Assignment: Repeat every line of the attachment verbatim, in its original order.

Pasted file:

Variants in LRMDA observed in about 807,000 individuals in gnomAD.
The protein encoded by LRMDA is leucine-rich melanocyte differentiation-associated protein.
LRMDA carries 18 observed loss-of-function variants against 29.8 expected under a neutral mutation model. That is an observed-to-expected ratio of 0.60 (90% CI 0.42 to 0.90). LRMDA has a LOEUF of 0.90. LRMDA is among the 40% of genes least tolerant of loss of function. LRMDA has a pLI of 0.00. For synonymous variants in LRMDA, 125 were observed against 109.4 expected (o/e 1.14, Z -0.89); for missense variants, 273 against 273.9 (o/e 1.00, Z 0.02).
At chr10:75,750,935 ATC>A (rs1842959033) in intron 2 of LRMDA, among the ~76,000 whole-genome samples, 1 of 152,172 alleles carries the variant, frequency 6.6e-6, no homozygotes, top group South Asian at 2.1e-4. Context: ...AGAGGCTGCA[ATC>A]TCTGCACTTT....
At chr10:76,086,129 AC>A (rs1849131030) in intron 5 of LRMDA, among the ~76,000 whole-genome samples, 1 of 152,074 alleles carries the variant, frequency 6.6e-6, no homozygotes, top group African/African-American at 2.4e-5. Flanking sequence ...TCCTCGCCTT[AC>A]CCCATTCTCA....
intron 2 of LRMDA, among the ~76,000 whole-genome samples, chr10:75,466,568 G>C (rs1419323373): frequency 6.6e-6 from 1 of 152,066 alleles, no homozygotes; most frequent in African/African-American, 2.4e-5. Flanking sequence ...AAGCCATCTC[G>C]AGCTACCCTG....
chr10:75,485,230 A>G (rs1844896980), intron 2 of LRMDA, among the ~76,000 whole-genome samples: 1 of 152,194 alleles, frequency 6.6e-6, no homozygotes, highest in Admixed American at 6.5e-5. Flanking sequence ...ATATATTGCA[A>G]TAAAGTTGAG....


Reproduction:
Variants in LRMDA observed in about 807,000 individuals in gnomAD.
The protein encoded by LRMDA is leucine-rich melanocyte differentiation-associated protein.
LRMDA carries 18 observed loss-of-function variants against 29.8 expected under a neutral mutation model. That is an observed-to-expected ratio of 0.60 (90% CI 0.42 to 0.90). LRMDA has a LOEUF of 0.90. LRMDA is among the 40% of genes least tolerant of loss of function. LRMDA has a pLI of 0.00. For synonymous variants in LRMDA, 125 were observed against 109.4 expected (o/e 1.14, Z -0.89); for missense variants, 273 against 273.9 (o/e 1.00, Z 0.02).
At chr10:75,750,935 ATC>A (rs1842959033) in intron 2 of LRMDA, among the ~76,000 whole-genome samples, 1 of 152,172 alleles carries the variant, frequency 6.6e-6, no homozygotes, top group South Asian at 2.1e-4. Context: ...AGAGGCTGCA[ATC>A]TCTGCACTTT....
At chr10:76,086,129 AC>A (rs1849131030) in intron 5 of LRMDA, among the ~76,000 whole-genome samples, 1 of 152,074 alleles carries the variant, frequency 6.6e-6, no homozygotes, top group African/African-American at 2.4e-5. Flanking sequence ...TCCTCGCCTT[AC>A]CCCATTCTCA....
intron 2 of LRMDA, among the ~76,000 whole-genome samples, chr10:75,466,568 G>C (rs1419323373): frequency 6.6e-6 from 1 of 152,066 alleles, no homozygotes; most frequent in African/African-American, 2.4e-5. Flanking sequence ...AAGCCATCTC[G>C]AGCTACCCTG....
chr10:75,485,230 A>G (rs1844896980), intron 2 of LRMDA, among the ~76,000 whole-genome samples: 1 of 152,194 alleles, frequency 6.6e-6, no homozygotes, highest in Admixed American at 6.5e-5. Flanking sequence ...ATATATTGCA[A>G]TAAAGTTGAG....